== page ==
The wheat market rollercoaster continues on this week as what started off good has soured, dropping some bids roughly $0.25 – 0.30/bu. Delivered in bids on a 13.5 pro #1 sit at roughly $11.70 to just under $12/bu with the later for pushed out movement. HRW crops in the US continue to run on the dryer side pushing crop conditions down, which you would think would show some price support, but to no avail, so far. Then there is the geo-political issue with Russia and Ukraine that could impact wheat prices moving forward. Feed pricing has also taken it in the teeth as delivered in bids into feedlot alley seem to be hovering around $410/MT. Sitting outside of this strike zone doesn’t seem as friendly with SE Sask right around $10/bu as the going rate. Looking for the upside? Look no further than new crop durum. With a #3OB, trades have triggered in SE Sask around $13/bu but if you have an offer, you may be able to snag a little bit better. Old crop pricing seems to be holding on around $19.50/bu in the South half of the province give or take a quarter.
Private analysts expect the combined South American (Brazil, Argentina, Paraguay, and Uruguay) soybean output to be a 4-yr low of 186.3 MMT. This spurred double digit gains on the Chicago futures. Local bids are location dependent and range from $14.50 -$15.50/bu FOB farm. Dry bean bids remain buoyant predicated on the smaller 2021 crops in Canada and the US. Canadian bids are feeling downward pressure from recent gains in the Canadian dollar. Dry bean market needs to see an uptick in demand for these production decreases to create any upward price movement. Faba beans are currently largely driven by domestic feed pulse prices. Feed faba bids are in that $13/bu FOB farm range and when #2 demand periodically occurs, it is often near $15/bu FOB farm.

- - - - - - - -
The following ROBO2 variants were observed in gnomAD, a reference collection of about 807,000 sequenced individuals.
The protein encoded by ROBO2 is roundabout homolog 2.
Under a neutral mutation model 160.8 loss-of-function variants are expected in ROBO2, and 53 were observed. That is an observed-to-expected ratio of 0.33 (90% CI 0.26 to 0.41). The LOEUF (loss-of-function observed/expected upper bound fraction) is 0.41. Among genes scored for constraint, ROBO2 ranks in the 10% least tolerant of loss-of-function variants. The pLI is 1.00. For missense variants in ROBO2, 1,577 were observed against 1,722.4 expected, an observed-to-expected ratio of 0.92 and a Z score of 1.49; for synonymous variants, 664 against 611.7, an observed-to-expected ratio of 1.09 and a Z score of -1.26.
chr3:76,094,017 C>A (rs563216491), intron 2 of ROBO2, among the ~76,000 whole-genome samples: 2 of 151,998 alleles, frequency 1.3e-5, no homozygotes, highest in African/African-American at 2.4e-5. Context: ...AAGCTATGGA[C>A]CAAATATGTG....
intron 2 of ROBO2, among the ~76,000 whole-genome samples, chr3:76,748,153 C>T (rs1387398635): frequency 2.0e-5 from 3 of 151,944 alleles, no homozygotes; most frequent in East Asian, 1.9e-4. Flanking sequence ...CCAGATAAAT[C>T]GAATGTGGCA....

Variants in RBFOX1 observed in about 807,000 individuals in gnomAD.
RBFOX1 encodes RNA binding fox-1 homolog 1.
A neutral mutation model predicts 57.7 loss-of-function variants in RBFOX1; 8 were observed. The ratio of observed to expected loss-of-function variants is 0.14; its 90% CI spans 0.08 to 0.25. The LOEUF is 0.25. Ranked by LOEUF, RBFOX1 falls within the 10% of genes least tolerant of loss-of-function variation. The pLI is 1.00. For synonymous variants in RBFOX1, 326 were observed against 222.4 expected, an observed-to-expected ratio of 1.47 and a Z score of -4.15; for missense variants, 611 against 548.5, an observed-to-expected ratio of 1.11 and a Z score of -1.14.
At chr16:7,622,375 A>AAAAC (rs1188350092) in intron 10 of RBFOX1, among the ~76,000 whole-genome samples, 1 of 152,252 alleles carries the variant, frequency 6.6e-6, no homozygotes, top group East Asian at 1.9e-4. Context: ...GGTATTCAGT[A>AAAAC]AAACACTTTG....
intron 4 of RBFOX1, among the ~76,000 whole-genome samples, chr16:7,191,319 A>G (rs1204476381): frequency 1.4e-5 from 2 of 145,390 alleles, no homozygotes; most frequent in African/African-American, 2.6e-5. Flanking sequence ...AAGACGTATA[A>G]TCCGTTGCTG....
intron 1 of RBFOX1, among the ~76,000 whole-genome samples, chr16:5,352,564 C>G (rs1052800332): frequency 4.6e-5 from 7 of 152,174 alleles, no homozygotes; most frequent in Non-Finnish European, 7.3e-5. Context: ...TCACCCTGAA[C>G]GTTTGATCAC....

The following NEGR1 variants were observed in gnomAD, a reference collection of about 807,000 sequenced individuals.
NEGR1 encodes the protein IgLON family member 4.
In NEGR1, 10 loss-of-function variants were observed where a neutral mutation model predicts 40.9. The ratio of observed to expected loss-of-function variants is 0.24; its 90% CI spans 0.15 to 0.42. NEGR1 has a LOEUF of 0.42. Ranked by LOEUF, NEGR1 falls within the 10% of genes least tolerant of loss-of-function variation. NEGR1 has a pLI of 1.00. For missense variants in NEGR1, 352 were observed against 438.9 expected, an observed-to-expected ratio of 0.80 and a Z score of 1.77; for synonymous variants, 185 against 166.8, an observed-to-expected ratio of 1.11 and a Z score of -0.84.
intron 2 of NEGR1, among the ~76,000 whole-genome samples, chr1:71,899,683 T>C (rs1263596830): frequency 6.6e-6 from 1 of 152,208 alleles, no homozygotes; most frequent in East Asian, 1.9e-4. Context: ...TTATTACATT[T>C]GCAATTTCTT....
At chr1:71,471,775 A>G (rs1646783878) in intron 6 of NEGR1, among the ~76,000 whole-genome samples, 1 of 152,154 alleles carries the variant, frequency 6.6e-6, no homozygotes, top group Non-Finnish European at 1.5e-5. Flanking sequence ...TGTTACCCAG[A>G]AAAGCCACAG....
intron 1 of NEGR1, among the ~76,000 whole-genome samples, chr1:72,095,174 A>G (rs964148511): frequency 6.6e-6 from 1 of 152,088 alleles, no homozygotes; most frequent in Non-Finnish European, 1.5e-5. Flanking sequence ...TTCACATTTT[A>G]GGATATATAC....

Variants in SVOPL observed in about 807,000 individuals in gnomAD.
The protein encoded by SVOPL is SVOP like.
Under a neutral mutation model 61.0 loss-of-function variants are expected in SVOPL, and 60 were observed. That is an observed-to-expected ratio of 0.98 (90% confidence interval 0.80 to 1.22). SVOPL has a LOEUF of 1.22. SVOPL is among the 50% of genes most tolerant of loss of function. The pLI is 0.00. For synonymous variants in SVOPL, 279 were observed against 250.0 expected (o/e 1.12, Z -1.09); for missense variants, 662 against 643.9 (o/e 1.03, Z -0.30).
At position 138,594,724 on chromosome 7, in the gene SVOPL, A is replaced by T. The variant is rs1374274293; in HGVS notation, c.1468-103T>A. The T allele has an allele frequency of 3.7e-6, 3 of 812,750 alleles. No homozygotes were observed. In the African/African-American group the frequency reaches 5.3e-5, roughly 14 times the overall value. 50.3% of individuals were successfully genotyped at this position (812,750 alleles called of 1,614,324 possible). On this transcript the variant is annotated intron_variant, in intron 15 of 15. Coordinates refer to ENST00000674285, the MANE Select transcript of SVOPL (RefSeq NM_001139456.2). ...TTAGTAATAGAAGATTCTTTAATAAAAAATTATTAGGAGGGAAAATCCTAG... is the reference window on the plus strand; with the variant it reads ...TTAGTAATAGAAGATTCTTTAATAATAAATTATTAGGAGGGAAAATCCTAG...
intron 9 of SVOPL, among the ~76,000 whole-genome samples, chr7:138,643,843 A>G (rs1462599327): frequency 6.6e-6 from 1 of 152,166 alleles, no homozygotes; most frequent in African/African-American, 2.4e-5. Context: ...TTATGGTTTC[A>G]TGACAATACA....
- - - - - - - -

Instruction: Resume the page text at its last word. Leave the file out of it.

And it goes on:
Mustard markets remain level this week. This is the second week in which we have seen prices stabilize. New crop contracting continues at a good pace, which is not surprising with levels being so strong. New crop brown and oriental are trading in that 70-75 cent/lb range with yellow at 75 to possibly 77 cents/lb. New crop mustard contracts of course include an act of God & are picked up on farm. Spot prices remain solid, with yellow and brown around $1.50 -$1.75/lb FOB and all varieties of oriental quoted at $1.00/lb or better. Those with product in the bin may want to consider taking advantage of these values while they’re still available as the levelling of prices may suggest the market is topping out. This is yet to be seen so we will need to monitor prices and demand from buyers. We have seed remaining, so if you’re in need, we can supply all types of certified, treated, or untreated and delivered to your yard.
Rayglen Market Comments are for informational purposes only. Rayglen Commodities and its agents or employees shall not be liable for any loss or damage suffered by any person as a result of reliance on any of the contents contained within these products, whether such loss or damage arises from negligence or misrepresentation or any act or omission of its agents or employees.